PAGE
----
My laptop is like an extension of my mind, but with a more reliable memory. But pictures of manual typewriters cause inexplicable tingles of nostalgia to run down my spine. (The site myTypewriter.com makes me croon with delight, even though I know that without my laptop I would not be seeing these images.)
I only tried to use a typewriter once—back in high school when I didn't have a computer and I thought carrying around my mother's old typewriter would be equivalent to having a laptop. It was not a "portable" typewriter by any stretch of the imagination. Writing on a heavy manual typewriter with very old ribbon in the back seat of a moving vehicle is not for the faint of heart. I had to pound the keys with all the strength in my wimpy little fingers to make any impression on the paper. Is it possible that this short-lived experiment left a pleasurable impression on my psyche? I doubt it. But what other explanation is there for my typewriter love? Watching the opening credits of old Murder, She Wrote episodes too many times?
Or maybe this yearning is a manifestation of some innate longing for connection to the past, to writing traditions? I'm certainly not the only person who loves old typewriters. There are societies, museums, and several eccentric collectors dedicated to the obsolete machines. Ads in Writer's Digest and images on writing sites are much more likely to feature typewriters than PCs. There is something aesthetically pleasing about a typewriter (particularly one with the old round keys). A beat-up laptop just looks beat-up. A beat-up typewriter has character. A computer has a brain (and frequently, a will) of its own. It's just as likely to be your antagonist as your friend. A typewriter may have a personality, but you don't have to worry that your typewriter is secretly beating your solitaire scores or surfing the web for ways to increase its radiation output when you're asleep.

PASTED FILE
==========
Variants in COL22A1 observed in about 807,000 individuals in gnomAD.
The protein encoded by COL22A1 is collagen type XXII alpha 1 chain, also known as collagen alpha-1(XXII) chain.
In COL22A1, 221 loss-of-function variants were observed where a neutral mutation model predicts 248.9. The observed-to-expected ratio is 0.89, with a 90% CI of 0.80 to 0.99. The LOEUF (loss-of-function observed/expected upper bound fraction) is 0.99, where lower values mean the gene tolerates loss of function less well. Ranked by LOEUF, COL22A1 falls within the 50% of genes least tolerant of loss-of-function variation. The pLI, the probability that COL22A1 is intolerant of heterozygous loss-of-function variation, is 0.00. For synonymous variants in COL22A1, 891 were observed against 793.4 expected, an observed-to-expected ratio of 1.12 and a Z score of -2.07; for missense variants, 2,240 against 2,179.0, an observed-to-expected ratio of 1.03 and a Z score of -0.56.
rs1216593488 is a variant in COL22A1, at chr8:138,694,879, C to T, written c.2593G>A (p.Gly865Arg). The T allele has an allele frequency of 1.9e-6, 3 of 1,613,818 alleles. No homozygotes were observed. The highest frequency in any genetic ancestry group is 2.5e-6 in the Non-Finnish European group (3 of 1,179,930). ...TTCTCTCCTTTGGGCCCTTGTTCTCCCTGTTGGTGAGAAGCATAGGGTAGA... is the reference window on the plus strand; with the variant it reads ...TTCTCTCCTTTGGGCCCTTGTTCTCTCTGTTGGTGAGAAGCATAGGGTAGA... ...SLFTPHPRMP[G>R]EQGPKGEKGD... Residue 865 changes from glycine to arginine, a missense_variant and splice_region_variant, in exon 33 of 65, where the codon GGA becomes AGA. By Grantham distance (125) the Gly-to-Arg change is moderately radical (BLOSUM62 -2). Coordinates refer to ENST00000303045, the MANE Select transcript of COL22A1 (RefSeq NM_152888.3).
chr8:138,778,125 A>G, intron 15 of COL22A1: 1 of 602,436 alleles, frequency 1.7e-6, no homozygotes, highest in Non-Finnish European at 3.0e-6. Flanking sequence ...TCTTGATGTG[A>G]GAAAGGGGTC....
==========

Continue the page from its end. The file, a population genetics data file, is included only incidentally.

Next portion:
And then there's the sound. I love the clicking of my computer keyboard when I'm banging away at something. But a typewriter really builds up a rhythm, especially if you've got a nice carriage return lever: Clickity-clickity-clack-clack. Ding! Ziiiiip. With that sound comes a physical connection to the work you are carving out of the air. Besides, the furious clicking of my computer keyboard could easily mean that I'm playing online Boggle instead of making progress on my novel. The sound of a typewriter always means writing is being done.
I may wax poetic, but I am not going to convert. In a (typewritten) essay on why she believes typewriters create better writers, Rino Breebraat states:
The computer automatically flags and corrects; its design choices are limitless and its printing quality is faultless. But still you don't write the same way—the machinic mutuality is completely negated and abstracted. It's all fixable later.And that is exactly why I am not trading in my laptop for an Underwood. Some days, the only thought that encourages me to write is I can fix this crap later. I often write a scene, only to find—fifty-five drafts later—where I originally thought things were going was nowhere near as interesting where they finally ended up. But those first fifty-five drafts were essential. No amount of mental preparedness can take the place of my awkward, stop-start-backspace-rewrite process. I am not a very good writer. I am becoming, however, a great re-writer. Typewriters are not kind to re-writers. If I had tried to write this blog post on a typewriter, I would now be passed out on the floor from overexposure to Wite-Out fumes. Never mind my single-handedly completing the deforestation of North America.
With typewriters there's a need to think a sentence through completely, one has to print it correctly the first time by focusing on the physical typing process, and hence the pace of the entire writing process is different.
I still love looking at typewriters. Perhaps all I really need is a nice steampunk computer. Then I could feed my inner Luddite and still have high-speed internet.
Enough philosophy. Want to see some old, really funky-looking typewriters? You know you do. Want to see some images of famous writers and their typewriters? Why not? Want to see the awesomeness of a working steampunk laptop? Random photos of typewriter prettiness? I could link forever—this rabbit hole has no bottom.
(First image from an Odee article showcasing the amazing work of typewriter sculptor Jeremey Mayer. The image of the lovely Hansen writing ball is from The Virtual Typewriter Museum. Image of Steampunk laptop by Jake von Slatt is from a Wired article. The typewriter/waffle iron comes from artist Chris Dimino's site.)